Completed genome and emergence scenario of the multidrug-resistant nosocomial pathogen Staphylococcus epidermidis ST215.

Kellgren T, Dwibedi C, Widerström M, Sundell D, Öhrman C, Sjödin A, Monsen T, Rydén P, Johansson A

BMC Microbiol. 24 (1) 215 [2024-06-19; online 2024-06-19]

A multidrug-resistant lineage of Staphylococcus epidermidis named ST215 is a common cause of prosthetic joint infections and other deep surgical site infections in Northern Europe, but is not present elsewhere. The increasing resistance among S. epidermidis strains is a global concern. We used whole-genome sequencing to characterize ST215 from healthcare settings. We completed the genome of a ST215 isolate from a Swedish hospital using short and long reads, resulting in a circular 2,676,787 bp chromosome and a 2,326 bp plasmid. The new ST215 genome was placed in phylogenetic context using 1,361 finished public S. epidermidis reference genomes. We generated 10 additional short-read ST215 genomes and 11 short-read genomes of ST2, which is another common multidrug-resistant lineage at the same hospital. We studied recombination's role in the evolution of ST2 and ST215, and found multiple recombination events averaging 30-50 kb. By comparing the results of antimicrobial susceptibility testing for 31 antimicrobial drugs with the genome content encoding antimicrobial resistance in the ST215 and ST2 isolates, we found highly similar resistance traits between the isolates, with 22 resistance genes being shared between all the ST215 and ST2 genomes. The ST215 genome contained 29 genes that were historically identified as virulence genes of S. epidermidis ST2. We established that in the nucleotide sequence stretches identified as recombination events, virulence genes were overrepresented in ST215, while antibiotic resistance genes were overrepresented in ST2. This study features the extensive antibiotic resistance and virulence gene content in ST215 genomes. ST215 and ST2 lineages have similarly evolved, acquiring resistance and virulence through genomic recombination. The results highlight the threat of new multidrug-resistant S. epidermidis lineages emerging in healthcare settings.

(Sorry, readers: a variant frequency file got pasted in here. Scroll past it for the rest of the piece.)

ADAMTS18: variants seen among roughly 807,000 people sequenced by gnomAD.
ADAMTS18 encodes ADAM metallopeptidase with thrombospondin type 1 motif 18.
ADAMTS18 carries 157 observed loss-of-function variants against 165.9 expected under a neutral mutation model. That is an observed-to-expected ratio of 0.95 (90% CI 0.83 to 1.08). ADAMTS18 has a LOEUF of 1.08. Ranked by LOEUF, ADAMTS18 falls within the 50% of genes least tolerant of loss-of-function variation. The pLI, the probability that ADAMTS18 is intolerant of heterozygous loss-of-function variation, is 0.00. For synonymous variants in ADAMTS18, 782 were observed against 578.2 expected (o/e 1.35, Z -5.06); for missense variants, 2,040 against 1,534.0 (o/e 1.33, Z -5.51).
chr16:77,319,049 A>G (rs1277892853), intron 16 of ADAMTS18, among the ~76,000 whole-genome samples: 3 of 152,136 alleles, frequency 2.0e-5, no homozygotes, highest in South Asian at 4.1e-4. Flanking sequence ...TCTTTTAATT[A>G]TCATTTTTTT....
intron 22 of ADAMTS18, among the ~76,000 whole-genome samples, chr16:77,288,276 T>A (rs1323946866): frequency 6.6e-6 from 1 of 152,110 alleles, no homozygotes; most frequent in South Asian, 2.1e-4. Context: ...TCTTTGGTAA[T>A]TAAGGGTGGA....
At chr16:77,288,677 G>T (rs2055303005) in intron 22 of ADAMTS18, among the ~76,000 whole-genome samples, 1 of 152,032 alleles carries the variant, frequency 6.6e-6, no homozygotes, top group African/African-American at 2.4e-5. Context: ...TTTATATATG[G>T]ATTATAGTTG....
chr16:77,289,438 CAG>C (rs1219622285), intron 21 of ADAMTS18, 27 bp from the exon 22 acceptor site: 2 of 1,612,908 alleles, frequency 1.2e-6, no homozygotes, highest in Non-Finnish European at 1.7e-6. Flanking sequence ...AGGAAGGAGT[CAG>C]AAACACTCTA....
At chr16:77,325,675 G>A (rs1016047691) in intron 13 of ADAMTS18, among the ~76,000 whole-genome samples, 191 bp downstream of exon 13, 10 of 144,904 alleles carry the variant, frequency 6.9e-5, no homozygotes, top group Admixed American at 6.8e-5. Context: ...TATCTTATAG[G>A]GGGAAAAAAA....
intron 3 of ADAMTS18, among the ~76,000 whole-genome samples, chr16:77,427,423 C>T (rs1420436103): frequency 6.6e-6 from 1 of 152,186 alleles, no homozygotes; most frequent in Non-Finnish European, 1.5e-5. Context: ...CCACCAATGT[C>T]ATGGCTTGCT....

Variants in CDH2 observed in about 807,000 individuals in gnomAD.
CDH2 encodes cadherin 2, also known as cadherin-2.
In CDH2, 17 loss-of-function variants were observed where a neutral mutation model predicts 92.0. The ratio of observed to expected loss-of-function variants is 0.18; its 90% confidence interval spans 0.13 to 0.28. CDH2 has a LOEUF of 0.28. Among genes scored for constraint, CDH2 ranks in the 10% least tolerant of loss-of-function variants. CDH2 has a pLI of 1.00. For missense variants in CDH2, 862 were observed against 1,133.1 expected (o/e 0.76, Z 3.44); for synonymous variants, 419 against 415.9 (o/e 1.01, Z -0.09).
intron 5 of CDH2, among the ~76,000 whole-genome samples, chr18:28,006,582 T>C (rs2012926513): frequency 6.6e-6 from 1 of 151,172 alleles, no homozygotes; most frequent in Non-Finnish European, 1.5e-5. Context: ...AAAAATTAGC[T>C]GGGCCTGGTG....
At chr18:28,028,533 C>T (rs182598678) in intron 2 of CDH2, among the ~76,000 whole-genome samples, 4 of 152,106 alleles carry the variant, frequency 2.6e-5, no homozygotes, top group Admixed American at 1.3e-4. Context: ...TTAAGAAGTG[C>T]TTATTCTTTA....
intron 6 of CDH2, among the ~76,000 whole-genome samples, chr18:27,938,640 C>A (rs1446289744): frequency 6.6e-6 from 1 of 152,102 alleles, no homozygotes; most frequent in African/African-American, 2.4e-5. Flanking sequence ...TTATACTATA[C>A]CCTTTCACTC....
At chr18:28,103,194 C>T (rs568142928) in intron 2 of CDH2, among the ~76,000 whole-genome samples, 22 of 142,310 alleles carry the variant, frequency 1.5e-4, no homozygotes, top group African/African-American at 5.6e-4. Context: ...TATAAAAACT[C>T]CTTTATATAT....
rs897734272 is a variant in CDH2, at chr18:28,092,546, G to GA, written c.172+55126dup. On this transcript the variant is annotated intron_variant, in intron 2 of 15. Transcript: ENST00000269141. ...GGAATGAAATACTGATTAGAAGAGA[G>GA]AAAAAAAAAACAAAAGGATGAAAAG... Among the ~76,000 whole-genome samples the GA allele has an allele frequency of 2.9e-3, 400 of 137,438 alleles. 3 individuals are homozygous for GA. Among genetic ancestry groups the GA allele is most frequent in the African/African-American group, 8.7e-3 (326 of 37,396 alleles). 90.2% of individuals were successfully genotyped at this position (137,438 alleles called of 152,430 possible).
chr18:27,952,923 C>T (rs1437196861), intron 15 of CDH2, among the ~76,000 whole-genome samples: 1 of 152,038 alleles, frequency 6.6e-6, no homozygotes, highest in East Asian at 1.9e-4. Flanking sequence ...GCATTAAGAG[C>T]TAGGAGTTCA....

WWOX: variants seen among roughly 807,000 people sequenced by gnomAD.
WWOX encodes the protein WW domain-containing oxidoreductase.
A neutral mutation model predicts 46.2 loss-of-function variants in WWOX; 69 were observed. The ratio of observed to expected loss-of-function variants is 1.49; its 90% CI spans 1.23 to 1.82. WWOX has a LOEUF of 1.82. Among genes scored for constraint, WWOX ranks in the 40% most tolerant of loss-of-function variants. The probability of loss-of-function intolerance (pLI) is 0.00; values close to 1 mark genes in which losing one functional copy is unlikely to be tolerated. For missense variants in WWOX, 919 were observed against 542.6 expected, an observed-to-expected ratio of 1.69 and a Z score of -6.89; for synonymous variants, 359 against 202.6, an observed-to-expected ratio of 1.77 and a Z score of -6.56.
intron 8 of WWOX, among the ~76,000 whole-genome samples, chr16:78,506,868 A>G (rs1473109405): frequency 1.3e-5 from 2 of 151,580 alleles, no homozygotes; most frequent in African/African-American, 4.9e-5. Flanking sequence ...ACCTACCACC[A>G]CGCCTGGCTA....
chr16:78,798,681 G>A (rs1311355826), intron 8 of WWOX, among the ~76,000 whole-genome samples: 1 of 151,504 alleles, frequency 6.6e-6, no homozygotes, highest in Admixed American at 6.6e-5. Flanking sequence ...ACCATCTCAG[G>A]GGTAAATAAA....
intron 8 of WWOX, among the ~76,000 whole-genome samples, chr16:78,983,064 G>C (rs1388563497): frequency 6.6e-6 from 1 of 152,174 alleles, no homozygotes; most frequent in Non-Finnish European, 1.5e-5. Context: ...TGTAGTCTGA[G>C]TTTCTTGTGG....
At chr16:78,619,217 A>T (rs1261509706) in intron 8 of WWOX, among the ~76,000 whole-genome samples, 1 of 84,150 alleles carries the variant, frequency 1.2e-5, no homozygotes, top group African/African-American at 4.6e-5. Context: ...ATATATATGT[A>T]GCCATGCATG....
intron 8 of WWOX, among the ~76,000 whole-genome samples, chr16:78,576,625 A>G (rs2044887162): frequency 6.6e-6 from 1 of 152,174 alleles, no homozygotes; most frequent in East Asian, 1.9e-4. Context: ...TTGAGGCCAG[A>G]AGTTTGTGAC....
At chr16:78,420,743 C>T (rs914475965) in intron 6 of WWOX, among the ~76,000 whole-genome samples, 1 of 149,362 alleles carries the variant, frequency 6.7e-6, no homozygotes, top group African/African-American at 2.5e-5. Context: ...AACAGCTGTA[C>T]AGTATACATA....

NGI Short read [Service]

NGI Uppsala (SNP&SEQ Technology Platform) [Service]

National Genomics Infrastructure [Service]

PubMed 38890594

DOI 10.1186/s12866-024-03367-5

Crossref 10.1186/s12866-024-03367-5

pmc: PMC11186124
pii: 10.1186/s12866-024-03367-5

Publications 9.5.0